Oil and Gas Emissions Keep Declining in Defiance of Enemies
Jim Willis on NGL Pipelines
Editor & Publisher, Marcellus Drilling News (MDN)
[Editor’s Note: GHG emissions from the oil and gas industry keep declining relative to production and this fact is revealed in a report assembled by the industry’s enemies.]
Three far-left organizations, the Clean Air Task Force (CATF), Ceres, and ERM Group, published their third annual report, “Benchmarking Methane and other GHG Emissions of Oil and Natural Gas Production in the United States” (full copy link below), which analyzes the production-based emissions of the largest oil and gas producers in the U.S.
While the aim of the report is to name-and-shame big oil and gas companies (the worst offenders) with respect to methane and so-called greenhouse gas emissions, the report could not gloss over the elephant in the room: This year’s analysis found that reported methane and greenhouse gas intensity in the oil and gas sector have declined 28% and 30%, respectively, between 2019 and 2021, despite an increase in natural gas and total hydrocarbon production.
You read that right. Oil and gas production keeps increasing, but methane and CO2 emissions from oil and gas companies are decreasing–dramatically.
While it’s mildly interesting to us that a rabidly leftist group like the Clean Air Task Force is admitting methane emissions from oil and gas are decreasing, some of the peripheral data in the report caught our attention.
The following graph from page 17 in the report (click to large) shows the methane (CH4) and carbon dioxide (CO2) emissions by shale basin, along with overall hydrocarbon production by basin. The hydrocarbon production is converted into barrels of oil equivalent, so it’s a fair, apples-to-apples comparison. The chart shows while the Appalachian (M-U) basin is second in hydrocarbon production only to the Permian, Appalachia’s so-called GHG emissions are smaller than not just the Permian, but the Williston (Bakken), and the Gulf Coast. The M-U’s GHG emissions are only slightly larger than the Anadarko Basin in the Midcontinent region.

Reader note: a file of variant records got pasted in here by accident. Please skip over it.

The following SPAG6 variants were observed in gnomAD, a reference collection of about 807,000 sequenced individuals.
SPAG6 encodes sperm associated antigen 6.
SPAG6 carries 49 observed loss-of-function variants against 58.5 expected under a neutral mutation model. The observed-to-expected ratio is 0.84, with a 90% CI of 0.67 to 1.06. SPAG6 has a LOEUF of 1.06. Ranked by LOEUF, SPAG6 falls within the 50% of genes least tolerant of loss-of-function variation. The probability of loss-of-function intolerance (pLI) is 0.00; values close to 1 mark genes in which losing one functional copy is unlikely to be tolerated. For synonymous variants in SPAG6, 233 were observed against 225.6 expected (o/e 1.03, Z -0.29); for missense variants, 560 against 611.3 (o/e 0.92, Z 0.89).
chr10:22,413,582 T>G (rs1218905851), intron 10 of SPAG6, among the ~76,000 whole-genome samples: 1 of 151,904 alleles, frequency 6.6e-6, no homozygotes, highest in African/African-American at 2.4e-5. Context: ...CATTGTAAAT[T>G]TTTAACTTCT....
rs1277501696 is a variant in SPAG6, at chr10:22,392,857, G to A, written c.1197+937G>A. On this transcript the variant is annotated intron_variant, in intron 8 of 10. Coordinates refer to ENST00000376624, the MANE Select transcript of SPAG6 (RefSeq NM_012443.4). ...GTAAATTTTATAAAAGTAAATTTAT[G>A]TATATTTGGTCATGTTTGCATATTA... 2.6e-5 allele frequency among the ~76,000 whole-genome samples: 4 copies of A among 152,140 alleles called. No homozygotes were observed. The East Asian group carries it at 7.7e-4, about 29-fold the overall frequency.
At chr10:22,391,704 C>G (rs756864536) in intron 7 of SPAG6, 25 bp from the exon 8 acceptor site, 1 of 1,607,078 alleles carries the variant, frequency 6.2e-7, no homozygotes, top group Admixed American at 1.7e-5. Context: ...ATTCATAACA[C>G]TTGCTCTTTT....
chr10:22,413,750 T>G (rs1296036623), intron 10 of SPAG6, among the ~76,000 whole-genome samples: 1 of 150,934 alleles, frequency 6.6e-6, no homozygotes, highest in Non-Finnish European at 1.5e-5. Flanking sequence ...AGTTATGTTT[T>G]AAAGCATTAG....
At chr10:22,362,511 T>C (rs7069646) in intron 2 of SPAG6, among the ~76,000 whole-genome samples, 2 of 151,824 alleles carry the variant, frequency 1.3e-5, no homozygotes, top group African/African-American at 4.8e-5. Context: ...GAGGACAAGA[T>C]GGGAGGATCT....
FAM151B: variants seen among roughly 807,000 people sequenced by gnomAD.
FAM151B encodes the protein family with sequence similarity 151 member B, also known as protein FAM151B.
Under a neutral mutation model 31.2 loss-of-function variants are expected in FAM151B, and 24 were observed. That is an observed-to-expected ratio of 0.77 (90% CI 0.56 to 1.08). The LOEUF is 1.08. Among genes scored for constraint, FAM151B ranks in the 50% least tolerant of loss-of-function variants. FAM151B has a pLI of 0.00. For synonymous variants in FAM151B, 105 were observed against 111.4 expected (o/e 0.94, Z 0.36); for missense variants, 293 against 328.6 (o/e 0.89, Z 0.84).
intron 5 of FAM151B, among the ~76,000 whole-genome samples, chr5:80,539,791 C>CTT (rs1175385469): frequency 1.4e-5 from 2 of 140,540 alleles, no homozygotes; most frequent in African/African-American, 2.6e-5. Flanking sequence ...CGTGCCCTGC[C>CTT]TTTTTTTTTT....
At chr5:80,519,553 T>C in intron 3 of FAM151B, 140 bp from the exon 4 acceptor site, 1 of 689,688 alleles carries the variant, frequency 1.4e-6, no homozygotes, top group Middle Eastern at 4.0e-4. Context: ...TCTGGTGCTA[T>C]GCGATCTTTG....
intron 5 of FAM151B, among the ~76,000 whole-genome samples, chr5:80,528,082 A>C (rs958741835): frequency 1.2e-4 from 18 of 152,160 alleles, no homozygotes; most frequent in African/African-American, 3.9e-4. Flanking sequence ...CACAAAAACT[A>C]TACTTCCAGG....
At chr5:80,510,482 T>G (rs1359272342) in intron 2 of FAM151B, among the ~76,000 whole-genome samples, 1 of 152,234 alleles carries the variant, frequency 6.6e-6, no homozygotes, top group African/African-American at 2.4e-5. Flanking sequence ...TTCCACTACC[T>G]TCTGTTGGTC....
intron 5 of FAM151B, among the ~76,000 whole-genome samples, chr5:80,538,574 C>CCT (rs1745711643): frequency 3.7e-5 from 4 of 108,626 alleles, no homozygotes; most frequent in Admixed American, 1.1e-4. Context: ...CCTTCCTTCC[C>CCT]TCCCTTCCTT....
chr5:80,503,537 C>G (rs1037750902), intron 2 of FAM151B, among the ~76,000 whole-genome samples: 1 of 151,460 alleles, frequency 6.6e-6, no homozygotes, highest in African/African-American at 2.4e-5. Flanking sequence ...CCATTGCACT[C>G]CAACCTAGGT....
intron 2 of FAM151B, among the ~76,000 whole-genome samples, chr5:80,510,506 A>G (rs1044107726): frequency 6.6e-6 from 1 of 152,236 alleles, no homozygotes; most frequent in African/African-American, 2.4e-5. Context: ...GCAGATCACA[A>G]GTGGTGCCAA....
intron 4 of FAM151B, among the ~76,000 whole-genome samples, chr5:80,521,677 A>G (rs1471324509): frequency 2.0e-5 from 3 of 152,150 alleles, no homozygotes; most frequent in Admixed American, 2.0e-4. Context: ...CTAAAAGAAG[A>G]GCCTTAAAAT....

The following chart (click to enlarge) shows sources of emissions for each basin:
There are a number of interesting slides starting with Slide 25 that tabulate emissions and production for the top 100 hydrocarbon (both oil and gas) producers in the country. You can get lost in the data and charts (interesting stuff). As an example, here’s one chart that caught our eye (click to enlarge):
While this slide and several more that follow it review data on emissions intensity for 100 drillers, what caught our attention here is that when you convert both oil and natural gas into the same units—barrels of oil equivalent—EQT (which produces almost all natural gas) is the third largest producer in the country, not far behind Exxon and ConocoPhillips!
And, Southwestern Energy (again, almost all natural gas and some NGLs) is #5! Chesapeake Energy, which drills in the PA Marcellus, is the #7 largest producer. Coterra Energy, which drills exclusively in northeastern PA, is #9 on the list. This is truly astonishing, that when you convert oil and gas into the same units, our companies are beating out big oil companies when it comes to the production of hydrocarbons.
Editor’s Note: Readers can get the full report here, the Clean Air Task Force’s new release here and a news report from the very anti-gas Bloomberg outlet here. Jim, though, has provided the essential facts oil and gas enemies want to obscure; that the industry is doing everything asked of it, although it’s never enough for these apostles of deconstructionism.
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